On Monday, the Supreme Court ruled that parts of President Trump’s Muslim ban can indeed be enforced. Specifically, the court ruled that the government may not bar those with a “bona fide” connection to the United States — those who have a job here, family members here, or are enrolled at an American university — while also ruling that the lower courts had overstepped their bounds by completely blocking the original Executive Order.
The fight over the Muslim ban is far from over, however. The Supreme Court will hear arguments in the case when it reconvenes in October, and the court also made it clear that they “fully expect that the relief we grant today will permit the Executive to conclude its internal work and provide adequate notice to foreign governments.” If you’ll recall, back in January when the Executive Order was signed, the Trump administration claimed its purpose was to decrease the probability of foreign terrorists entering the United States from Iran, Iraq, Libya, Somalia, Sudan, Syria, and Yemen. You know, the countries of origin of all the 9/11 hijackers… with the exception of all the 9/11 hijackers.
(As an aside, you’ll note I’m calling it a Muslim ban and not a travel ban. I am simply using Trump’s own words.)
To be clear, I am not advocating that the United States open its doors to any manner of potential terrorists — though I am a liberal, I am firmly in the “terrorism is bad” camp. That said, however, I think it’s worth taking a look at some facts here.
First, as noted above, the stated purpose of the Muslim ban was to allow the Trump administration time to develop “extreme vetting” procedures; moreover, the administration claimed that the ban would only be for 90 days. The order was signed 152 days ago. Hasn’t this administration had plenty of time to develop whatever procedures they feel are necessary to stem the apparent tidal wave of terrorists gaining entry into our country? You could argue that the ongoing legal battle essentially reset the clock, but I would offer a couple of points in response. To begin with, the Executive branch’s legal team were not going to be the ones crafting these “extreme vetting” procedures; it was entirely possible for the relevant members of Trump’s administration to put together these procedures while the court battles played themselves out. Furthermore, though Trump’s order was blocked by the lower courts, those courts didn’t mention anything about the procedures themselves — their issue was whether or not the ban discriminated against Muslims (it does).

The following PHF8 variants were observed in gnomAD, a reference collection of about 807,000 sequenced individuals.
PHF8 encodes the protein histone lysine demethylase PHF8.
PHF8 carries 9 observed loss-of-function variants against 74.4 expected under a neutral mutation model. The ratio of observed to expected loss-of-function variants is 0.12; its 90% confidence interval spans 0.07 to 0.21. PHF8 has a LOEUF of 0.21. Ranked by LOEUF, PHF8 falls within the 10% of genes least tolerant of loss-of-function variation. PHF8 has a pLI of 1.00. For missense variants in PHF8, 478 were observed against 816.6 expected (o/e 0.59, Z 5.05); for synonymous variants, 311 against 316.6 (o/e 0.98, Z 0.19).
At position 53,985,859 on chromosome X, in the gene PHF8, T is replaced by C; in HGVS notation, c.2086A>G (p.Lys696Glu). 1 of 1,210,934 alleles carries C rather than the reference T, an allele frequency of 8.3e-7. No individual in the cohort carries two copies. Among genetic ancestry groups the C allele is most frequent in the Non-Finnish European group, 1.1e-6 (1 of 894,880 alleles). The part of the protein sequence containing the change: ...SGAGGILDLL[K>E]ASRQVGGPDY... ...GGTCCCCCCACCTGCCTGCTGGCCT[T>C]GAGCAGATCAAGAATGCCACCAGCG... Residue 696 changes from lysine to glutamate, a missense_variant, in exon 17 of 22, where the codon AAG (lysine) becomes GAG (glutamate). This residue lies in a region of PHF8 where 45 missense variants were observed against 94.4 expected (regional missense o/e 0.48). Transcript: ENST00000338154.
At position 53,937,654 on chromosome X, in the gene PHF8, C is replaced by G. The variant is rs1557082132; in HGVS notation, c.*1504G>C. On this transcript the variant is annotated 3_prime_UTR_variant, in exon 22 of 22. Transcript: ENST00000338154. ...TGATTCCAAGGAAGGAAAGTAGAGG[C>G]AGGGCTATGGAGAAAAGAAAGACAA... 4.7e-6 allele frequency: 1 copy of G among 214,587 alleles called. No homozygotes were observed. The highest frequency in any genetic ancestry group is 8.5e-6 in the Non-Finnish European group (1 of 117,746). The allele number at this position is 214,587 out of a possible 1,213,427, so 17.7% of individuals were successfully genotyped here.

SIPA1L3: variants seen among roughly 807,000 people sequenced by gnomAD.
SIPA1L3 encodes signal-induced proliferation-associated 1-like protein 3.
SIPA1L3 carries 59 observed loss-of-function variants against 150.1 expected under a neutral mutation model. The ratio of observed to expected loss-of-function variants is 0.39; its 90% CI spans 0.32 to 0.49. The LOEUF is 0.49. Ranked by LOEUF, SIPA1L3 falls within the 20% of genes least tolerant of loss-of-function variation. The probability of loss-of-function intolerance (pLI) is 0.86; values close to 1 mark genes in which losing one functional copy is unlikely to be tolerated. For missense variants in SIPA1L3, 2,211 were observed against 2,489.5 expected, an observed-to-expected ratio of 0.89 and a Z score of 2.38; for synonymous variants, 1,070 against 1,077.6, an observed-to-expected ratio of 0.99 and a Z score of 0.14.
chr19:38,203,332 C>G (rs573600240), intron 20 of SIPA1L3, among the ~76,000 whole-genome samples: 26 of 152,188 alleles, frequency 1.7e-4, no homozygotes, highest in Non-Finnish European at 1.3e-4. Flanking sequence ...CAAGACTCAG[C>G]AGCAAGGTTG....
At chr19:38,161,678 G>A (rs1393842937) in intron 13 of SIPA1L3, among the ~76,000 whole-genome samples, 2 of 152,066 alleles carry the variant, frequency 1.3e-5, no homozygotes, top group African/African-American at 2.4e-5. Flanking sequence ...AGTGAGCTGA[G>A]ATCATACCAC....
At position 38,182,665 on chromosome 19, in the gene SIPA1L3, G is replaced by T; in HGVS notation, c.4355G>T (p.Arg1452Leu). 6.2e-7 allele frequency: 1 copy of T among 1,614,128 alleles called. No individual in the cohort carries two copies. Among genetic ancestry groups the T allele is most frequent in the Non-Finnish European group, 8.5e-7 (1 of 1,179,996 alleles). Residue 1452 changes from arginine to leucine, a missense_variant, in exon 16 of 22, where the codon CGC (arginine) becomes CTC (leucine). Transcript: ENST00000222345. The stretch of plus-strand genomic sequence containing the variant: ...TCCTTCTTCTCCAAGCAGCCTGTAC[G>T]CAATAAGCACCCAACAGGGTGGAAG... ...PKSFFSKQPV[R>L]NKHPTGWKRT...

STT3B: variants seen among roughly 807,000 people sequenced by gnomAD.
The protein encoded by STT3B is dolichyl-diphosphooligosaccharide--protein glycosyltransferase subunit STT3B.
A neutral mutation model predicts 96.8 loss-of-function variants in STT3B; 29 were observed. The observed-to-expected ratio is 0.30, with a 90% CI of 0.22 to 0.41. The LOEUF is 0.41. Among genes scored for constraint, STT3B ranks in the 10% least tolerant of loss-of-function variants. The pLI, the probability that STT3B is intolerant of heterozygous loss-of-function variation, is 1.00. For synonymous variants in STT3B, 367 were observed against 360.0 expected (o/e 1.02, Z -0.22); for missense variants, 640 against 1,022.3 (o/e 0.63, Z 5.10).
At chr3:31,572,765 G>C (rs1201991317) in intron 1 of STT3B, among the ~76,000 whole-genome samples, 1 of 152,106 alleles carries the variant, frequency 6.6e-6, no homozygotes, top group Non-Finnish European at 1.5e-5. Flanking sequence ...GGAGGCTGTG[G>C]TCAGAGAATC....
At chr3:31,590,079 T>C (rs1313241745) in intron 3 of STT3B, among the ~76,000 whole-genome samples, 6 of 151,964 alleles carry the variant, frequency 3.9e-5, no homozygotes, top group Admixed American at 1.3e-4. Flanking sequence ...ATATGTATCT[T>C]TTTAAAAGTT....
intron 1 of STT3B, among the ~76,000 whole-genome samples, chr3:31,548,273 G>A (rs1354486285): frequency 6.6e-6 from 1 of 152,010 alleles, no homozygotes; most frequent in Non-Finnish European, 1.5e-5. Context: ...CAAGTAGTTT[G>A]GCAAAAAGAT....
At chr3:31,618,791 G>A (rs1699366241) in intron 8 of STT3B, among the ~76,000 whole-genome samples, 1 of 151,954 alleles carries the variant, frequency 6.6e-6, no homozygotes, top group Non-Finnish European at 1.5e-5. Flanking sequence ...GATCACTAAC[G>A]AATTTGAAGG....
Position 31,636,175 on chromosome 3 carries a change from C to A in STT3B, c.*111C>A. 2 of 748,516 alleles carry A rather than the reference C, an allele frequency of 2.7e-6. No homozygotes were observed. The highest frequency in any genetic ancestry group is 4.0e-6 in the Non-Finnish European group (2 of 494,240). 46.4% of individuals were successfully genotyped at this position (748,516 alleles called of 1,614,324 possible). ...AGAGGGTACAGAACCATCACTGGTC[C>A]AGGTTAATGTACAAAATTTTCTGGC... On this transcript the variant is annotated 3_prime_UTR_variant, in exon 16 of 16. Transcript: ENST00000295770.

Second, we still have no idea what “extreme vetting” means. No clarification has been offered by the Trump administration, nor does one appear to be forthcoming. It seems as though the reason nothing has been accomplished since Trump signed this order is because Trump’s plan for “extreme vetting” was to bar Muslims from entering the United States at all. It would explain why new procedures are not in place (aside from the fact that the existing procedures were already pretty damned extreme): the Muslim ban was the procedure.
But perhaps most importantly, barring Muslims from entering the United States will not do anything to reduce our risk of a terrorist attack. According to The Heritage Foundation, between 1969 and 2009, there were 38,345 terrorist incidents around the world. Of these attacks, only 7.8% involved the United States. From 1975 through 2015, per the Cato Institute, 3,024 Americans died as a result of foreign-born terrorism (including 9/11), an average of 74 Americans per year.
Since 9/11, however, foreign-born terrorists have killed, on average, one American per year. According to Business Insider, your odds of dying at the hands of foreign-born terrorists are 1 in 45,808, and your odds of dying at the hands of refugee terrorists (like those from Syria) are 1 in 46 million. You might be wondering, “Well, what about terrorists who enter the country illegally?” One in more than 138 million (138,324,873, to be exact). Statistically, you have higher odds of dying from a heat wave (about 4.5 times more likely), a bicycle accident (about 10 times more likely), or walking (68 times more likely). Simply put, the Trump administration’s Muslim ban seeks to rectify a problem that barely exists, while also supporting a bill that would limit an individual’s access to healthcare to treat heart disease and cancer (both 6,500 times more likely), chronic lung disease (1,700 times more likely), diabetes (864 times more likely)… you get the point.
And what of domestic Islamic terrorists? Well, since they’re not included in the Muslim ban, they’re not really part of the argument. But just to cover all the bases, according to The New York Times, from 2001-2011, an average of 9 American Muslims per year were involved in an average of six plots per year. Of those 60 plots, 40 were uncovered and thwarted before they could be carried out; the 20 that were carried out resulted in 50 deaths. That number pales in comparison to the 337 attacks carried out by right-wing extremists in the same time period, resulting in 254 fatalities, and it seems downright laughable when compared to the 215,000 murders in the United States from 2001-2015.
I’m all for ensuring that everyone in this country is safe. But it seems to me that we should reevaluate exactly how much time and resources we should allocate to combating a problem — terrorism originating from foreign-born actors —that barely registers as one at all.